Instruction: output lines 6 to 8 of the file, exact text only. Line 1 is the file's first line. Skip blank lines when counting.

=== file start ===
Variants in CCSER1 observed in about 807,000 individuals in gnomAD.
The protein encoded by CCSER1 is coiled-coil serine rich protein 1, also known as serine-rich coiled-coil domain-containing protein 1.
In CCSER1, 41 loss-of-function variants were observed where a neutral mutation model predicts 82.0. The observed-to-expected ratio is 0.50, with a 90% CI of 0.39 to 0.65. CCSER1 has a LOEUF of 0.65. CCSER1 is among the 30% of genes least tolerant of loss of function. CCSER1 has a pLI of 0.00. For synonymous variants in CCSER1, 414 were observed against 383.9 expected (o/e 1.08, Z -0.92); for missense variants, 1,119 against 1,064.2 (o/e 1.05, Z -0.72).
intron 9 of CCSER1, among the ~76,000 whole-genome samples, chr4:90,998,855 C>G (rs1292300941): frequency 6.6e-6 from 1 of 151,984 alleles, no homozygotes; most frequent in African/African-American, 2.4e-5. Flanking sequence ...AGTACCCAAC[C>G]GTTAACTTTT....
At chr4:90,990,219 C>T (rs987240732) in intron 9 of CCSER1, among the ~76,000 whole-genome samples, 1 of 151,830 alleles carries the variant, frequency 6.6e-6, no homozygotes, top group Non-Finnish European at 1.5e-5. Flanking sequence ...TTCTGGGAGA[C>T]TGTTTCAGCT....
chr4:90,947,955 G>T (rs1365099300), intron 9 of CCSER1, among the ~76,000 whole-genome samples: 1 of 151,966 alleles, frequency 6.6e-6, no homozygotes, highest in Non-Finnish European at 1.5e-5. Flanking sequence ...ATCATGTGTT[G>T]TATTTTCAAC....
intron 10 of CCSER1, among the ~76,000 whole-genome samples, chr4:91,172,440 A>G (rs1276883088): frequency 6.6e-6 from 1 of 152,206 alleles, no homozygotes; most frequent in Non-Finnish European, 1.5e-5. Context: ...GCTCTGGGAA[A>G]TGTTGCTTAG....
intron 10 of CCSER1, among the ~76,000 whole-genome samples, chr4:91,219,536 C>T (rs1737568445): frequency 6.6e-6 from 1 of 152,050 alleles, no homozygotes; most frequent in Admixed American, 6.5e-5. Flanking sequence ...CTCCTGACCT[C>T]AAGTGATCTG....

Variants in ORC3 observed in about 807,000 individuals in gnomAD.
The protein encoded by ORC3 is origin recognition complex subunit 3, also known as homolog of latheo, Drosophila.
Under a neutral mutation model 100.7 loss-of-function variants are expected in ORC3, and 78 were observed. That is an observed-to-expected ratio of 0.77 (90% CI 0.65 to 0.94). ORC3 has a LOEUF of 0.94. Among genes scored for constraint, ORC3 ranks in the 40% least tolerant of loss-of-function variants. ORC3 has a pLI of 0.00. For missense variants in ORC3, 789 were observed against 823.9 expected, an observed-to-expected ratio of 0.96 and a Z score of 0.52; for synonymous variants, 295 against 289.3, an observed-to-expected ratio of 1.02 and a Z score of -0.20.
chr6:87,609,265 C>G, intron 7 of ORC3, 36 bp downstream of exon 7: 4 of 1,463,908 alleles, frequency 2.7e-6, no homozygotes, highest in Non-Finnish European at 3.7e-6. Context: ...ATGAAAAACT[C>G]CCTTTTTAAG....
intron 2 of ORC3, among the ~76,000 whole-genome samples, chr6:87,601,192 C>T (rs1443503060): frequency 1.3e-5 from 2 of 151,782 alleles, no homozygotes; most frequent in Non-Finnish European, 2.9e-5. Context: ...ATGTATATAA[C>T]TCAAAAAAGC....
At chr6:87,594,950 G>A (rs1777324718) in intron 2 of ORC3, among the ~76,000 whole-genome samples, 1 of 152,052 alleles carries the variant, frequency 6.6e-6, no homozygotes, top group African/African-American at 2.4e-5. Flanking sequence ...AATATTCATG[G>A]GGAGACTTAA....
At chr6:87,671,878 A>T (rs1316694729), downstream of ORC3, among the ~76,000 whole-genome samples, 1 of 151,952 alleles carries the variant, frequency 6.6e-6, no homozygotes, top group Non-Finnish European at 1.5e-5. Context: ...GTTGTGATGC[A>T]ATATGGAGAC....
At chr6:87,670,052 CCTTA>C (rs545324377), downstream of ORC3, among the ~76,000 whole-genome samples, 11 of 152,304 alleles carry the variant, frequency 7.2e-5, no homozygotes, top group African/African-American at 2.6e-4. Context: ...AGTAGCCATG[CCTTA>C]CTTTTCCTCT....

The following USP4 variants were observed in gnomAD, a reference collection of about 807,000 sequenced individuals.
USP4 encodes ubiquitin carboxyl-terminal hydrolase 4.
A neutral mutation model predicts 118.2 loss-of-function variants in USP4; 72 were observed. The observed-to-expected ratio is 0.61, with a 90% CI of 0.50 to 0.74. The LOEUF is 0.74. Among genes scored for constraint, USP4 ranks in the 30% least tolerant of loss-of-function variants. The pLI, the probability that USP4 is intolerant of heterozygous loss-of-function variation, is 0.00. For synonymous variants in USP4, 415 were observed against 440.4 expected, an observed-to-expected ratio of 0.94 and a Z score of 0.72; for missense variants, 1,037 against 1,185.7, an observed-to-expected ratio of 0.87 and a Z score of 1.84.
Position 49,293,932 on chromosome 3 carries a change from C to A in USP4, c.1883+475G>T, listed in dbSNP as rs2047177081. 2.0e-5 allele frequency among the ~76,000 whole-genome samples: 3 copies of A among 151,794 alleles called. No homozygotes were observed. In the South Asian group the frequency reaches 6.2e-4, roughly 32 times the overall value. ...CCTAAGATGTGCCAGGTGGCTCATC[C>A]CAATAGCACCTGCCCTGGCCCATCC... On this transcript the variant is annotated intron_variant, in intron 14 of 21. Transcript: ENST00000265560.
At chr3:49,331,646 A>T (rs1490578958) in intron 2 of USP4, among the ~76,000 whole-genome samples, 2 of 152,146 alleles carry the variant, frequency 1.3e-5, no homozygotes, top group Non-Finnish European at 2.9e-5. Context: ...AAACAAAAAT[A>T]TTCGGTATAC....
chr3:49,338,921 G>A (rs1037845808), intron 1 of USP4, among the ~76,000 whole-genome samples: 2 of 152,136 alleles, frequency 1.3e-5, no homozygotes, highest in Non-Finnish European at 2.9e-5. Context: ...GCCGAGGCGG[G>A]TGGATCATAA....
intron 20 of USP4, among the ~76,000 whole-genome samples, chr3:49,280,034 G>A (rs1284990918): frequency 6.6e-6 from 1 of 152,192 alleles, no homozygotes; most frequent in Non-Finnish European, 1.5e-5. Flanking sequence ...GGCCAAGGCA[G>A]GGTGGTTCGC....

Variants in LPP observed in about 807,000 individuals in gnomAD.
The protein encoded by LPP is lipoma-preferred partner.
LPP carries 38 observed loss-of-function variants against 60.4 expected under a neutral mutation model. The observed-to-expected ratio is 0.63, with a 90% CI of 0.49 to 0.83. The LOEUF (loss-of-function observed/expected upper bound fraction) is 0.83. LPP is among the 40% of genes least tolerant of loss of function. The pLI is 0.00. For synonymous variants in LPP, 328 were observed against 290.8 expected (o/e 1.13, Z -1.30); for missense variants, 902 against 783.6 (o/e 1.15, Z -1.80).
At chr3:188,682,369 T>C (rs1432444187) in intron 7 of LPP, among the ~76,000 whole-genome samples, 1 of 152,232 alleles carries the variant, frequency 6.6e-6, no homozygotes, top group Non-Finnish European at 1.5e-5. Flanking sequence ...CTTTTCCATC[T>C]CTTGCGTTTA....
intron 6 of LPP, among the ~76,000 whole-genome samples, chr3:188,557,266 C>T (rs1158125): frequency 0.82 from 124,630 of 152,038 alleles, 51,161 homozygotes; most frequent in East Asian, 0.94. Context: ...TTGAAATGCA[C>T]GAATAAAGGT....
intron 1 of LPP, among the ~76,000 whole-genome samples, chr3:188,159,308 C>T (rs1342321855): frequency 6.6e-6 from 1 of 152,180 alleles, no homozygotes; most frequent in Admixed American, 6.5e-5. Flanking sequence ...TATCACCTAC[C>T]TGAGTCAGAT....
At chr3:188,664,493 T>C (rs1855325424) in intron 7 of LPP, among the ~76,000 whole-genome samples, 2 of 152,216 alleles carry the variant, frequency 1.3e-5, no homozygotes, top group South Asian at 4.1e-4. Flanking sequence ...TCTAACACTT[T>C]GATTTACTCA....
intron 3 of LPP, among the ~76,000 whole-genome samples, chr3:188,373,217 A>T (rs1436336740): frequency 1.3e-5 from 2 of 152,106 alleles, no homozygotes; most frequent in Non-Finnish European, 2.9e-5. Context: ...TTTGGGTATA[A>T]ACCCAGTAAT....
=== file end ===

chr4:90,947,955 G>T (rs1365099300), intron 9 of CCSER1, among the ~76,000 whole-genome samples: 1 of 151,966 alleles, frequency 6.6e-6, no homozygotes, highest in Non-Finnish European at 1.5e-5. Flanking sequence ...ATCATGTGTT[G>T]TATTTTCAAC....
intron 10 of CCSER1, among the ~76,000 whole-genome samples, chr4:91,172,440 A>G (rs1276883088): frequency 6.6e-6 from 1 of 152,206 alleles, no homozygotes; most frequent in Non-Finnish European, 1.5e-5. Context: ...GCTCTGGGAA[A>G]TGTTGCTTAG....
intron 10 of CCSER1, among the ~76,000 whole-genome samples, chr4:91,219,536 C>T (rs1737568445): frequency 6.6e-6 from 1 of 152,050 alleles, no homozygotes; most frequent in Admixed American, 6.5e-5. Flanking sequence ...CTCCTGACCT[C>T]AAGTGATCTG....